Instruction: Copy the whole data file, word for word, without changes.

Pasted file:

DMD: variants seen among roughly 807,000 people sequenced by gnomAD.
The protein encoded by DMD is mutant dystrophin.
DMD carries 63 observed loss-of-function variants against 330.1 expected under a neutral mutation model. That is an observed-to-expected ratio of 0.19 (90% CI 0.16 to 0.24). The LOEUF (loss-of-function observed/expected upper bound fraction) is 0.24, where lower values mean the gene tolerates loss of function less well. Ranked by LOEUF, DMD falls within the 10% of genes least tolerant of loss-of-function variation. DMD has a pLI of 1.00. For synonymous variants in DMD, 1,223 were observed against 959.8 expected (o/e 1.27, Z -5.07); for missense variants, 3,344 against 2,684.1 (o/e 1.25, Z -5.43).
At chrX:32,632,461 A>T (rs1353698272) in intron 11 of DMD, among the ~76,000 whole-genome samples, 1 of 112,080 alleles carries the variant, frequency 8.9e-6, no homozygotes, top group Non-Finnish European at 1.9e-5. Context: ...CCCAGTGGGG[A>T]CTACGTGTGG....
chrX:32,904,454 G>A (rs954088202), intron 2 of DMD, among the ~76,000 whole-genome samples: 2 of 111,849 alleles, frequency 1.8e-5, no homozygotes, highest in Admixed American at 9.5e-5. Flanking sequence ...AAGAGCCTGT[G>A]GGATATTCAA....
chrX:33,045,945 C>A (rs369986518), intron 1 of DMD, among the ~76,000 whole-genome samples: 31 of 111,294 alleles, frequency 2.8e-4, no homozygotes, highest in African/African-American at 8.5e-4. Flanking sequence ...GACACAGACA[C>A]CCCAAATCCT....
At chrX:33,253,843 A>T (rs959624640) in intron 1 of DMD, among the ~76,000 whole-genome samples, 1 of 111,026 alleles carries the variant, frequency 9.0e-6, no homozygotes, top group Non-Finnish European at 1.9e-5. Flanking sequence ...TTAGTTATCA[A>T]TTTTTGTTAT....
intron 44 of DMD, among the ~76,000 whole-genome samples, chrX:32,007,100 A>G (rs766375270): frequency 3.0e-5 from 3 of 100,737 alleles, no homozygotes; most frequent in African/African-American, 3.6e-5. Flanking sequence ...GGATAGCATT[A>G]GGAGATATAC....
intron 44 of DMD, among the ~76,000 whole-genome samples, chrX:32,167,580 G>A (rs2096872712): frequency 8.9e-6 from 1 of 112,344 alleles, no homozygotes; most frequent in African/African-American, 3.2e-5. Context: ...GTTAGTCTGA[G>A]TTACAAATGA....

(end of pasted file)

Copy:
DMD: variants seen among roughly 807,000 people sequenced by gnomAD.
The protein encoded by DMD is mutant dystrophin.
DMD carries 63 observed loss-of-function variants against 330.1 expected under a neutral mutation model. That is an observed-to-expected ratio of 0.19 (90% CI 0.16 to 0.24). The LOEUF (loss-of-function observed/expected upper bound fraction) is 0.24, where lower values mean the gene tolerates loss of function less well. Ranked by LOEUF, DMD falls within the 10% of genes least tolerant of loss-of-function variation. DMD has a pLI of 1.00. For synonymous variants in DMD, 1,223 were observed against 959.8 expected (o/e 1.27, Z -5.07); for missense variants, 3,344 against 2,684.1 (o/e 1.25, Z -5.43).
At chrX:32,632,461 A>T (rs1353698272) in intron 11 of DMD, among the ~76,000 whole-genome samples, 1 of 112,080 alleles carries the variant, frequency 8.9e-6, no homozygotes, top group Non-Finnish European at 1.9e-5. Context: ...CCCAGTGGGG[A>T]CTACGTGTGG....
chrX:32,904,454 G>A (rs954088202), intron 2 of DMD, among the ~76,000 whole-genome samples: 2 of 111,849 alleles, frequency 1.8e-5, no homozygotes, highest in Admixed American at 9.5e-5. Flanking sequence ...AAGAGCCTGT[G>A]GGATATTCAA....
chrX:33,045,945 C>A (rs369986518), intron 1 of DMD, among the ~76,000 whole-genome samples: 31 of 111,294 alleles, frequency 2.8e-4, no homozygotes, highest in African/African-American at 8.5e-4. Flanking sequence ...GACACAGACA[C>A]CCCAAATCCT....
At chrX:33,253,843 A>T (rs959624640) in intron 1 of DMD, among the ~76,000 whole-genome samples, 1 of 111,026 alleles carries the variant, frequency 9.0e-6, no homozygotes, top group Non-Finnish European at 1.9e-5. Flanking sequence ...TTAGTTATCA[A>T]TTTTTGTTAT....
intron 44 of DMD, among the ~76,000 whole-genome samples, chrX:32,007,100 A>G (rs766375270): frequency 3.0e-5 from 3 of 100,737 alleles, no homozygotes; most frequent in African/African-American, 3.6e-5. Flanking sequence ...GGATAGCATT[A>G]GGAGATATAC....
intron 44 of DMD, among the ~76,000 whole-genome samples, chrX:32,167,580 G>A (rs2096872712): frequency 8.9e-6 from 1 of 112,344 alleles, no homozygotes; most frequent in African/African-American, 3.2e-5. Context: ...GTTAGTCTGA[G>A]TTACAAATGA....